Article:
“I’m getting there,” said Bolt.
“I'm not fully in shape, I need more work.
“But over time I'll be fine, I'll just keep doing the work.
“I tried to go for the kerb but I don't think I executed well.
“The key thing is I came out here and won but I'm always hungry for more.
“It is always great to come back here to London and compete, it is a lot of fun.”
Olympic and world triple jump champion Christian Taylor of the United States indicated his readiness for a Rio defence as he won in 17.78, the best recorded so far this season.
Pierre-Ambrose Bosse of France won the 800m in 1:43.88 as Kenya’s trials winner Ferguson Rotich could only manage third place in 1:44.38 ahead of Botswana’s London 2012 silver medallist Nijel Amos, who clocked 1:44.66.
The Emsley Carr Mile was won in 3:53.04 by Kenya’s Silas Kiplagat.
In the stadium where she won the Olympic heptathlon title four years ago, Jessica Ennis-Hill was encouraged to reach the high-powered final of the women’s 100m hurdles despite finishing eighth and last in 13.04.
Earlier in the evening Britain’s Katerina Johnson Thompson, who will also compete in the Rio heptathlon at the Rio Olympics, set an outdoor personal best of 1.95m in the women’s high jump in Rio, with Morgan Lake, who will be Britain’s sole selection at this event in the Olympics, also jumping a personal best of 1.92 in a competition won by Spain’s triple European champion Ruth Beitia with 1.98.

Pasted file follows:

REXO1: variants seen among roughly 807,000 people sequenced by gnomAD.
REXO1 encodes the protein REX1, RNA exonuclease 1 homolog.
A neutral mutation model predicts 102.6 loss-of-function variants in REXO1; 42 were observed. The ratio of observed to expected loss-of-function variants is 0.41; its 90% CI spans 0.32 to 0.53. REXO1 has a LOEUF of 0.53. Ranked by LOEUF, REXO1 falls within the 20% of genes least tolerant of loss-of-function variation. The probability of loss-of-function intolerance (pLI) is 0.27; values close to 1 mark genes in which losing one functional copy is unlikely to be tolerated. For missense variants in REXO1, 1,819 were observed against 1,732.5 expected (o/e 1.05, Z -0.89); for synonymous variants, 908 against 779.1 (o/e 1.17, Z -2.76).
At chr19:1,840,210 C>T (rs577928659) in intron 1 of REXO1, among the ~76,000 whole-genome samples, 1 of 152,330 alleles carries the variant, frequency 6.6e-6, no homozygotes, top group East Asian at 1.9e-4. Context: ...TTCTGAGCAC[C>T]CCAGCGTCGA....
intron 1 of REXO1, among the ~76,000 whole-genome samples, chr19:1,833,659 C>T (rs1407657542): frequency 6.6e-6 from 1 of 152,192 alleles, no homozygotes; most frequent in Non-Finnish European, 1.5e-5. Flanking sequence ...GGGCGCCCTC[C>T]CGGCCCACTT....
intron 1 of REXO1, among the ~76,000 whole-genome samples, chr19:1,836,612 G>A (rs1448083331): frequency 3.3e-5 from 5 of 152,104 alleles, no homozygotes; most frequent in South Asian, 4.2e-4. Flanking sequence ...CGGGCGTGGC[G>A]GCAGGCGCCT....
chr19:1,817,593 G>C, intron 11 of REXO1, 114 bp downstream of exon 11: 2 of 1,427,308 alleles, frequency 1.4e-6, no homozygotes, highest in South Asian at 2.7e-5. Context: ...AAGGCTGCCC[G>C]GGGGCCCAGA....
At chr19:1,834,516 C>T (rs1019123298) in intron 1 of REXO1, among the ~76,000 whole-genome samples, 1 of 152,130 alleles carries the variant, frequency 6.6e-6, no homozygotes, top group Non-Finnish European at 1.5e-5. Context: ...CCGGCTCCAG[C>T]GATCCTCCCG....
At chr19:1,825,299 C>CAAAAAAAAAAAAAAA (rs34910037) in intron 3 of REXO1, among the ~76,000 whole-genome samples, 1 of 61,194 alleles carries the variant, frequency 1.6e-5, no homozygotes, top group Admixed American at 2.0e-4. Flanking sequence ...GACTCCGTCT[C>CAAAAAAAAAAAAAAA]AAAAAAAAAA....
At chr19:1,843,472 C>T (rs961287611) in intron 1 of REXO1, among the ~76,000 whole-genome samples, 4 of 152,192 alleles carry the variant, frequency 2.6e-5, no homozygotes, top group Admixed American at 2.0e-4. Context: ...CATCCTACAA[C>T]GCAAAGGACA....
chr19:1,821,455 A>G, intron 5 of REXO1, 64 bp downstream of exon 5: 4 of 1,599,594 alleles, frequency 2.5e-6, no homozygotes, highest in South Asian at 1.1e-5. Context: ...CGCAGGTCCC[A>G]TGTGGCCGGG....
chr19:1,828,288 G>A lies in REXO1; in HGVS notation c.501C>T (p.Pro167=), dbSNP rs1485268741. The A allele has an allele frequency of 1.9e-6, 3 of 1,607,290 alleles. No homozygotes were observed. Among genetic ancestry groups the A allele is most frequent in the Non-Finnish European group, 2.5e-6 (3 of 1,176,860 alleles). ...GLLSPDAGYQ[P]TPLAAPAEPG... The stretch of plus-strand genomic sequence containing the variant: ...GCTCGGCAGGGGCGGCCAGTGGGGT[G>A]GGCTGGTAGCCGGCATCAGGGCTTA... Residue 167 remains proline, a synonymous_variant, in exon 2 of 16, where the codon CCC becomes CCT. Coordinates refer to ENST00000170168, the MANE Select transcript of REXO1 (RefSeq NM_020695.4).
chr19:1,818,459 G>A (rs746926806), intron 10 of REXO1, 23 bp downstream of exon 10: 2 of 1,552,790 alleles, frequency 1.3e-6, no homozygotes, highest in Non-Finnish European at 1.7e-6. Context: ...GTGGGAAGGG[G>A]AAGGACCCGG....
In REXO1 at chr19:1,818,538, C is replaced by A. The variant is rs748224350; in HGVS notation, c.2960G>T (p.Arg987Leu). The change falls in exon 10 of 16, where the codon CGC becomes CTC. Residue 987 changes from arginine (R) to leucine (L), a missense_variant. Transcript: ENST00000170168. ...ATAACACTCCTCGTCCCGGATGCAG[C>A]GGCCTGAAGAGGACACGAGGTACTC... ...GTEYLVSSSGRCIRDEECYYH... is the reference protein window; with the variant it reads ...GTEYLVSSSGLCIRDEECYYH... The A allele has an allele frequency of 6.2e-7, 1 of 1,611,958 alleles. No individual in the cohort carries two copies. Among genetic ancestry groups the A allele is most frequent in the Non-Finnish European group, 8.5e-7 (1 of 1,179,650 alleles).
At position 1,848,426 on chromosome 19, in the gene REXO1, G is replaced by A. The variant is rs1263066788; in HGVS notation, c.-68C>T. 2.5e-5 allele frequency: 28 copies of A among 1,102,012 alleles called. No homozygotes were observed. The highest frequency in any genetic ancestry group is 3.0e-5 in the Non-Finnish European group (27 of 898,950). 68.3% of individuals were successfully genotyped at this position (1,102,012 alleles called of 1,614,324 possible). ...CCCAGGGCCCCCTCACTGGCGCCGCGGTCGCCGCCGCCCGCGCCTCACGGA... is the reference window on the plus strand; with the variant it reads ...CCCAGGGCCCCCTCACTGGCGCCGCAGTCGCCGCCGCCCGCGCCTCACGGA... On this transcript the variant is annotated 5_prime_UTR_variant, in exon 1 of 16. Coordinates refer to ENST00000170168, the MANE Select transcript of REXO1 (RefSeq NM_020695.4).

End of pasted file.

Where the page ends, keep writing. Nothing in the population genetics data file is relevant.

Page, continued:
France’s world pole vault record holder Renaud Lavillenie, who will defend his title in Rio, put his embarrassing miscalculation at this month’s European Championships – where his defence failed after he elected to delay competing until the 5.75m mark and then failed to set a mark in windy conditions – as he earned a timely morale booster with a faultless progression to 5.90m before three failures at 5.97.
Victory in the men’s 100m went to France’s Jimmy Vicaut, who equalled his European record of 9.86sec earlier this season.
However, the superfast track didn’t do much for Vicaut or the rest of the field as he won in a relatively modest 10.02.